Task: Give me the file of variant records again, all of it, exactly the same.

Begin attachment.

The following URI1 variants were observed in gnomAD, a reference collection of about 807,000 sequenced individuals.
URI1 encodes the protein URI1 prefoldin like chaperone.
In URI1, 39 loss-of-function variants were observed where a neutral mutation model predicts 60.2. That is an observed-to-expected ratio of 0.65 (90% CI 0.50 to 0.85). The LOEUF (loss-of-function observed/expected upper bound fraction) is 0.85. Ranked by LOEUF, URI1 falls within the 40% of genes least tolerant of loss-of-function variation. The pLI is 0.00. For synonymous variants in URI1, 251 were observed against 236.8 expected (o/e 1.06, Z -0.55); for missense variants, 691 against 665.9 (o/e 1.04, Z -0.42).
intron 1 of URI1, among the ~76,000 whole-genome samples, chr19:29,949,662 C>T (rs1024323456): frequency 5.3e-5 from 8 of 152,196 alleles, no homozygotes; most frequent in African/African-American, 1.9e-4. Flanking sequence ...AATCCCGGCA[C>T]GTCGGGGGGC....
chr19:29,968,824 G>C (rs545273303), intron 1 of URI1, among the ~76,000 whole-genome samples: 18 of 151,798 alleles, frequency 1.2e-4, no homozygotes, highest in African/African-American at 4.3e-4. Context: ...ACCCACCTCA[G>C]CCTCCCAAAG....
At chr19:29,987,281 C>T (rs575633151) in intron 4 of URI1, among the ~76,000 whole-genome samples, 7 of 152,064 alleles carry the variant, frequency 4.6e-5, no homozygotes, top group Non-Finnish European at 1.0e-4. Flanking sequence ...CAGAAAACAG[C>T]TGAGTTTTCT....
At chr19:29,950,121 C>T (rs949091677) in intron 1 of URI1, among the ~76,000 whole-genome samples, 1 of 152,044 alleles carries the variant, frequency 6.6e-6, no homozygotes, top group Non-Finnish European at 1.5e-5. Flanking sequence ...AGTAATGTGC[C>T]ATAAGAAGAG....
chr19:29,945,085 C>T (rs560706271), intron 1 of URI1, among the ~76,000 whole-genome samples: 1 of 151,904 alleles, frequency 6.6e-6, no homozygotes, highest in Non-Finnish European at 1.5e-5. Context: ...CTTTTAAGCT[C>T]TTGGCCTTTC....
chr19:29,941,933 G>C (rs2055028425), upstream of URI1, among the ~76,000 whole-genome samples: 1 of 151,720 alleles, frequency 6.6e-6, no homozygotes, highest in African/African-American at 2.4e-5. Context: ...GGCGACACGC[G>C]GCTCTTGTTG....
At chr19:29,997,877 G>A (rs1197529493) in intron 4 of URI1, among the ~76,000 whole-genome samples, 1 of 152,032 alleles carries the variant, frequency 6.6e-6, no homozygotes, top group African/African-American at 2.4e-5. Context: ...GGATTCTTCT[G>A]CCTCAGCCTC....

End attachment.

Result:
The following URI1 variants were observed in gnomAD, a reference collection of about 807,000 sequenced individuals.
URI1 encodes the protein URI1 prefoldin like chaperone.
In URI1, 39 loss-of-function variants were observed where a neutral mutation model predicts 60.2. That is an observed-to-expected ratio of 0.65 (90% CI 0.50 to 0.85). The LOEUF (loss-of-function observed/expected upper bound fraction) is 0.85. Ranked by LOEUF, URI1 falls within the 40% of genes least tolerant of loss-of-function variation. The pLI is 0.00. For synonymous variants in URI1, 251 were observed against 236.8 expected (o/e 1.06, Z -0.55); for missense variants, 691 against 665.9 (o/e 1.04, Z -0.42).
intron 1 of URI1, among the ~76,000 whole-genome samples, chr19:29,949,662 C>T (rs1024323456): frequency 5.3e-5 from 8 of 152,196 alleles, no homozygotes; most frequent in African/African-American, 1.9e-4. Flanking sequence ...AATCCCGGCA[C>T]GTCGGGGGGC....
chr19:29,968,824 G>C (rs545273303), intron 1 of URI1, among the ~76,000 whole-genome samples: 18 of 151,798 alleles, frequency 1.2e-4, no homozygotes, highest in African/African-American at 4.3e-4. Context: ...ACCCACCTCA[G>C]CCTCCCAAAG....
At chr19:29,987,281 C>T (rs575633151) in intron 4 of URI1, among the ~76,000 whole-genome samples, 7 of 152,064 alleles carry the variant, frequency 4.6e-5, no homozygotes, top group Non-Finnish European at 1.0e-4. Flanking sequence ...CAGAAAACAG[C>T]TGAGTTTTCT....
At chr19:29,950,121 C>T (rs949091677) in intron 1 of URI1, among the ~76,000 whole-genome samples, 1 of 152,044 alleles carries the variant, frequency 6.6e-6, no homozygotes, top group Non-Finnish European at 1.5e-5. Flanking sequence ...AGTAATGTGC[C>T]ATAAGAAGAG....
chr19:29,945,085 C>T (rs560706271), intron 1 of URI1, among the ~76,000 whole-genome samples: 1 of 151,904 alleles, frequency 6.6e-6, no homozygotes, highest in Non-Finnish European at 1.5e-5. Context: ...CTTTTAAGCT[C>T]TTGGCCTTTC....
chr19:29,941,933 G>C (rs2055028425), upstream of URI1, among the ~76,000 whole-genome samples: 1 of 151,720 alleles, frequency 6.6e-6, no homozygotes, highest in African/African-American at 2.4e-5. Context: ...GGCGACACGC[G>C]GCTCTTGTTG....
At chr19:29,997,877 G>A (rs1197529493) in intron 4 of URI1, among the ~76,000 whole-genome samples, 1 of 152,032 alleles carries the variant, frequency 6.6e-6, no homozygotes, top group African/African-American at 2.4e-5. Context: ...GGATTCTTCT[G>A]CCTCAGCCTC....